Sin Infects the Church
When believers continue in sin unrepentantly, it can infect the corporate body of Christ as well. Paul rebuked the Corinthian church for approving of sexual immorality in their midst (1 Corinthians 5:1-5). Sin tolerated in the church spreads like leaven, corrupting the whole lump (1 Corinthians 5:6-7; Galatians 5:9). Continuing in open sin unjudged brings reproach on the church and dishonors Christ.
The proper response to sin in the body is to confront it, not condone it (Matthew 18:15-17). Otherwise, it could leaven the whole church. Christ gave Himself to purify His church as His bride, so believers should pursue holiness together, not tolerate sin from one another.
Sin Defiles the Conscience
When we continue in sin, it defiles our consciences, which can shipwreck our faith. Paul warns that those who reject a good conscience end up with faith shipwrecked (1 Timothy 1:19). Repeatedly doing things we believe are wrong sears the conscience and hardens the heart (1 Timothy 4:2). What once pricked our conscience with conviction no longer bothers us. This leads to a hardened heart, not a healthy heart sensitive to sin.
Sin Doesn’t Reflect the New Creation
Second Corinthians 5:17 promises, “Therefore, if anyone is in Christ, he is a new creation. The old has passed away; behold, the new has come.” Remaining in unrepentant sin does not evidence this new creation. We are to behave in accordance with our new identity in Christ. First John 3:9 says, “No one born of God makes a practice of sinning, for God’s seed abides in him; and he cannot keep on sinning, because he has been born of God.” While we will struggle with sin as new creations, it will not be our ingrained habitual lifestyle.
Sin Fails to Live Up to Our Calling
Paul writes in Ephesians 4:1, “I therefore, a prisoner for the Lord, urge you to walk in a manner worthy of the calling to which you have been called.” He defines this worthy walk as walking in holiness, putting off falsehood and sinful anger, and refraining from theft and corrupting talk (Ephesians 4:17-32). Continuing in sin falls short of living up to the holy calling we have received in Christ. We are to daily grow into the people God has called us to be.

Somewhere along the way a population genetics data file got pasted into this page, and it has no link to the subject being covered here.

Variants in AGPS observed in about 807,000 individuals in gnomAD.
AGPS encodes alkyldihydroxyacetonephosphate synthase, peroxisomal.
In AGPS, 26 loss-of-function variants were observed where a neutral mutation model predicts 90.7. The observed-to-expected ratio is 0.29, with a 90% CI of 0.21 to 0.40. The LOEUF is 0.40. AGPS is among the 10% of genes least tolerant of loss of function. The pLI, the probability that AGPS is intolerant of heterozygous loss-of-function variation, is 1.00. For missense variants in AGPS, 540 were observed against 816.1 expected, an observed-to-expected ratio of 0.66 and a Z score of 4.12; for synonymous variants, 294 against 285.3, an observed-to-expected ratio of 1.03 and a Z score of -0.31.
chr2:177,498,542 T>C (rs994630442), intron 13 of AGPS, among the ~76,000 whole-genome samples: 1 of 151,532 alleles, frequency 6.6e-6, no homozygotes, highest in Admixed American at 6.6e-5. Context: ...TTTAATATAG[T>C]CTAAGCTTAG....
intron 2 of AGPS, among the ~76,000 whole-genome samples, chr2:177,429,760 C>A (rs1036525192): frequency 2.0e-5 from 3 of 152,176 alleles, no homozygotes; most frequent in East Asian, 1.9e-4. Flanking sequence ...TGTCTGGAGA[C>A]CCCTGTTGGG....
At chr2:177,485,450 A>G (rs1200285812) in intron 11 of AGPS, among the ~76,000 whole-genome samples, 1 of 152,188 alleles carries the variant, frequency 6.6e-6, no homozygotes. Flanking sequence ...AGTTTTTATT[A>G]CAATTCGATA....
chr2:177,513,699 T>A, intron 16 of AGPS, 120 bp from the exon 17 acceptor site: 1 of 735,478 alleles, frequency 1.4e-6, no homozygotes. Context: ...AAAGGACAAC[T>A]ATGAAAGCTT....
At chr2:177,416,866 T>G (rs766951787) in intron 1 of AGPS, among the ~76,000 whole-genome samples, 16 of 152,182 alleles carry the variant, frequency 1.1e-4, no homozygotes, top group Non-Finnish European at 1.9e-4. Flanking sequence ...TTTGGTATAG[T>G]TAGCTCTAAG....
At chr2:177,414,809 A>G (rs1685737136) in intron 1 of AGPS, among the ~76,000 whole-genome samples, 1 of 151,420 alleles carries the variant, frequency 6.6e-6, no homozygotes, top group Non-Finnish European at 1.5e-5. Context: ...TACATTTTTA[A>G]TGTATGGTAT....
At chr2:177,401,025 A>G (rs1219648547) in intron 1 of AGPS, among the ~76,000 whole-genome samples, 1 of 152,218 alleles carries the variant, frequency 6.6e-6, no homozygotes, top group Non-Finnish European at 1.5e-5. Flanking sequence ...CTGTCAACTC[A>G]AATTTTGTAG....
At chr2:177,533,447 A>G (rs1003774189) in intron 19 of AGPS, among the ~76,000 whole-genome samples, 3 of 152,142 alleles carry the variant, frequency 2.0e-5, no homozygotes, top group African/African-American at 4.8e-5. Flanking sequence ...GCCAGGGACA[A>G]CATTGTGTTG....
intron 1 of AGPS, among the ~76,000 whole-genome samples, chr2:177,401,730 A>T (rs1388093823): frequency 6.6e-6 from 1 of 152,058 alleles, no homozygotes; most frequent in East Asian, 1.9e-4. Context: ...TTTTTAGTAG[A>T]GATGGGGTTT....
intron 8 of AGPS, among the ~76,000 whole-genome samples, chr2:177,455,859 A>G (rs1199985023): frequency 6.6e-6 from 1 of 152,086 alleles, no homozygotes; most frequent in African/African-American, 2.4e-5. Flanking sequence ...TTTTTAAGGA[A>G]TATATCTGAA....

Sin Doesn’t Love Others
Persistent sinful habits fail to fulfill the second greatest commandment to “love your neighbor as yourself” (Matthew 22:39). Paul explains that love does no wrong to a neighbor, therefore love is the fulfilling of the law (Romans 13:10). Sin hurts people and fails to demonstrate Christlike love. If we continue in sin, we do not live out love as we are called to do.
Sin Does Not Reflect Christ
As Christians, we are called to follow Jesus’ example and walk as He walked (1 John 2:6). Since Christ was without sin (Hebrews 4:15), we too are called to lives characterized by obedience, not ongoing sin. First Peter 2:21 says, “For to this you have been called, because Christ also suffered for you, leaving you an example, so that you might follow in his steps.” Continuing to walk in darkness is incompatible with our calling to walk as Jesus walked in the light and obedience of the Father.
To summarize, Scripture makes abundantly clear that wilfully continuing in sin should not be the path of the redeemed believer. Though our sins are fully forgiven in Christ, ongoing unrepentant sin grieves God’s Spirit, hurts our witness, invites God’s discipline, leads to loss of eternal reward, stunts our fruitfulness, entangles us, infects the church, defiles our conscience, contradicts our new identity in Christ, fails to reflect our holy calling, undermines love, and dishonors the example of Jesus.
Rather than cheapening grace, the amazing gift of God’s forgiveness should compel us toward heartfelt obedience, not enable sin’s persisting power. We glorify and honor God by pursuing lives characterized by the righteousness made possible by His Spirit within us. Our forgiveness is to be accompanied by repentance as a pattern of life. With sins nailed to the cross, we now have power through the Spirit to walk in new obedience and righteousness.
By understanding the dangerous spiritual consequences of persisting in sin, we can avoid the mistake of viewing forgiveness as permission to go on disregarding God’s commands. Our security in Christ gives us freedom to walk in holiness, not use grace as opportunity for the flesh. In light of such undeserved mercy, our response is now to honor Christ through lives increasingly reflecting His character. Having been buried with Christ unto death and raised with Him unto new life, our calling is to walk in obedience to God with sins left behind.